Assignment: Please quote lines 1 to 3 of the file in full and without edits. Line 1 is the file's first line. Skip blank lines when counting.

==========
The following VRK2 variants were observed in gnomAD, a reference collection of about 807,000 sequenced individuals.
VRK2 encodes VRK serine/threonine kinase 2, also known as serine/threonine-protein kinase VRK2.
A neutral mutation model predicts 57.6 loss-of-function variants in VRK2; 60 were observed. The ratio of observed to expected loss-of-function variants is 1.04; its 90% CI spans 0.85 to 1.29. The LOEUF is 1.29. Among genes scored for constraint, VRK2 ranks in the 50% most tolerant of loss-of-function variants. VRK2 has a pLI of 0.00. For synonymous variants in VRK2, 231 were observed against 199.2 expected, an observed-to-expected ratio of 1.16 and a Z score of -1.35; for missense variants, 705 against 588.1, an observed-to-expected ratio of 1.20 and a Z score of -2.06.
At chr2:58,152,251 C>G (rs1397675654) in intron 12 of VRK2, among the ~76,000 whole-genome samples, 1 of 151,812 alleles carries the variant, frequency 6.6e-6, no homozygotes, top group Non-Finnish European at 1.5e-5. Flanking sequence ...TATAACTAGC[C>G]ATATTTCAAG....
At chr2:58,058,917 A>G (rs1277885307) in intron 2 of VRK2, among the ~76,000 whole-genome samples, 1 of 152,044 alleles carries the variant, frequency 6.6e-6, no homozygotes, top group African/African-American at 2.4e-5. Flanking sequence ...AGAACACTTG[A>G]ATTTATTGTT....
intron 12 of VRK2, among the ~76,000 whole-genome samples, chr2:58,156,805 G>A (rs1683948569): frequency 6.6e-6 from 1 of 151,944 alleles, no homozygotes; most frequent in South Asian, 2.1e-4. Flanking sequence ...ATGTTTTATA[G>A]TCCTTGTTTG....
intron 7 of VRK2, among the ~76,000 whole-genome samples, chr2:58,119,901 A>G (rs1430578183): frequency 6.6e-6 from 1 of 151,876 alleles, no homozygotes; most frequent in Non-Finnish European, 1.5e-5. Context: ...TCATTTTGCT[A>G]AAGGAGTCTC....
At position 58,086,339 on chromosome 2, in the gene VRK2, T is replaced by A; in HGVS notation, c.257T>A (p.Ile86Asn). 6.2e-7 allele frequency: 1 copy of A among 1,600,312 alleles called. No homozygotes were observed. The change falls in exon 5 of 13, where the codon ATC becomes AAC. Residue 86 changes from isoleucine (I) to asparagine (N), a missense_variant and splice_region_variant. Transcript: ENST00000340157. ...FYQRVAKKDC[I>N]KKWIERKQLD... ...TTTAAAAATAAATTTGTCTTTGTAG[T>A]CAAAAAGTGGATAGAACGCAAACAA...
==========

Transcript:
The following VRK2 variants were observed in gnomAD, a reference collection of about 807,000 sequenced individuals.
VRK2 encodes VRK serine/threonine kinase 2, also known as serine/threonine-protein kinase VRK2.
A neutral mutation model predicts 57.6 loss-of-function variants in VRK2; 60 were observed. The ratio of observed to expected loss-of-function variants is 1.04; its 90% CI spans 0.85 to 1.29. The LOEUF is 1.29. Among genes scored for constraint, VRK2 ranks in the 50% most tolerant of loss-of-function variants. VRK2 has a pLI of 0.00. For synonymous variants in VRK2, 231 were observed against 199.2 expected, an observed-to-expected ratio of 1.16 and a Z score of -1.35; for missense variants, 705 against 588.1, an observed-to-expected ratio of 1.20 and a Z score of -2.06.